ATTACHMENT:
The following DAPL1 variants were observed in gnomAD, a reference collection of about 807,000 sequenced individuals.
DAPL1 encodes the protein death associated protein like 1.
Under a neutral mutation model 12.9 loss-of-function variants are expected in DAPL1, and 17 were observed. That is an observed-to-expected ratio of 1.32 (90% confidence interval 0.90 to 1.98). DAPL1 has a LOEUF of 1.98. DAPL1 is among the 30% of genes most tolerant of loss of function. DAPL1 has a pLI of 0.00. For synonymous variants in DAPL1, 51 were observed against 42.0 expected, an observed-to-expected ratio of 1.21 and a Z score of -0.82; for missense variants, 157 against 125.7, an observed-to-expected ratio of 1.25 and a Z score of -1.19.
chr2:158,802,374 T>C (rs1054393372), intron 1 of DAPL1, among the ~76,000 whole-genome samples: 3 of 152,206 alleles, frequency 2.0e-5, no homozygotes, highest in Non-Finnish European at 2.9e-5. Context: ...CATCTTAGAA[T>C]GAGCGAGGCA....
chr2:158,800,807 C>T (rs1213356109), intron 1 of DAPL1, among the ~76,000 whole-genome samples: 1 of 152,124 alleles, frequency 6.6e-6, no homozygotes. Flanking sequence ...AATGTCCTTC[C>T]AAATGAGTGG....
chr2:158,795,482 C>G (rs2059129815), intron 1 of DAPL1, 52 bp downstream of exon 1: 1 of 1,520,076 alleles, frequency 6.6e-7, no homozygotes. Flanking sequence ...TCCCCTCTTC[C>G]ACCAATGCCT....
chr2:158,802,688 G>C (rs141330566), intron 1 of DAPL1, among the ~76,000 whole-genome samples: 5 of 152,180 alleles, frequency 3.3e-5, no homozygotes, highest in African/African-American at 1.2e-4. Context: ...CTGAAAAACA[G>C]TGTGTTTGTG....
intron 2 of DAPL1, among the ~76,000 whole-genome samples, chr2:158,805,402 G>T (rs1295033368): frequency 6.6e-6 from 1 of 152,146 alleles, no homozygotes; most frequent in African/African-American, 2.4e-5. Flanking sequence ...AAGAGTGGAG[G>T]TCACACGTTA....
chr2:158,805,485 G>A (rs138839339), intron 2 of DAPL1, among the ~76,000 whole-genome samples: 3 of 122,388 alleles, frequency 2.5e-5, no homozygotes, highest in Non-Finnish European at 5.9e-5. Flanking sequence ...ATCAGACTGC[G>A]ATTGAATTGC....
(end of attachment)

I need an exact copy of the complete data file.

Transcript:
The following DAPL1 variants were observed in gnomAD, a reference collection of about 807,000 sequenced individuals.
DAPL1 encodes the protein death associated protein like 1.
Under a neutral mutation model 12.9 loss-of-function variants are expected in DAPL1, and 17 were observed. That is an observed-to-expected ratio of 1.32 (90% confidence interval 0.90 to 1.98). DAPL1 has a LOEUF of 1.98. DAPL1 is among the 30% of genes most tolerant of loss of function. DAPL1 has a pLI of 0.00. For synonymous variants in DAPL1, 51 were observed against 42.0 expected, an observed-to-expected ratio of 1.21 and a Z score of -0.82; for missense variants, 157 against 125.7, an observed-to-expected ratio of 1.25 and a Z score of -1.19.
chr2:158,802,374 T>C (rs1054393372), intron 1 of DAPL1, among the ~76,000 whole-genome samples: 3 of 152,206 alleles, frequency 2.0e-5, no homozygotes, highest in Non-Finnish European at 2.9e-5. Context: ...CATCTTAGAA[T>C]GAGCGAGGCA....
chr2:158,800,807 C>T (rs1213356109), intron 1 of DAPL1, among the ~76,000 whole-genome samples: 1 of 152,124 alleles, frequency 6.6e-6, no homozygotes. Flanking sequence ...AATGTCCTTC[C>T]AAATGAGTGG....
chr2:158,795,482 C>G (rs2059129815), intron 1 of DAPL1, 52 bp downstream of exon 1: 1 of 1,520,076 alleles, frequency 6.6e-7, no homozygotes. Flanking sequence ...TCCCCTCTTC[C>G]ACCAATGCCT....
chr2:158,802,688 G>C (rs141330566), intron 1 of DAPL1, among the ~76,000 whole-genome samples: 5 of 152,180 alleles, frequency 3.3e-5, no homozygotes, highest in African/African-American at 1.2e-4. Context: ...CTGAAAAACA[G>C]TGTGTTTGTG....
intron 2 of DAPL1, among the ~76,000 whole-genome samples, chr2:158,805,402 G>T (rs1295033368): frequency 6.6e-6 from 1 of 152,146 alleles, no homozygotes; most frequent in African/African-American, 2.4e-5. Flanking sequence ...AAGAGTGGAG[G>T]TCACACGTTA....
chr2:158,805,485 G>A (rs138839339), intron 2 of DAPL1, among the ~76,000 whole-genome samples: 3 of 122,388 alleles, frequency 2.5e-5, no homozygotes, highest in Non-Finnish European at 5.9e-5. Flanking sequence ...ATCAGACTGC[G>A]ATTGAATTGC....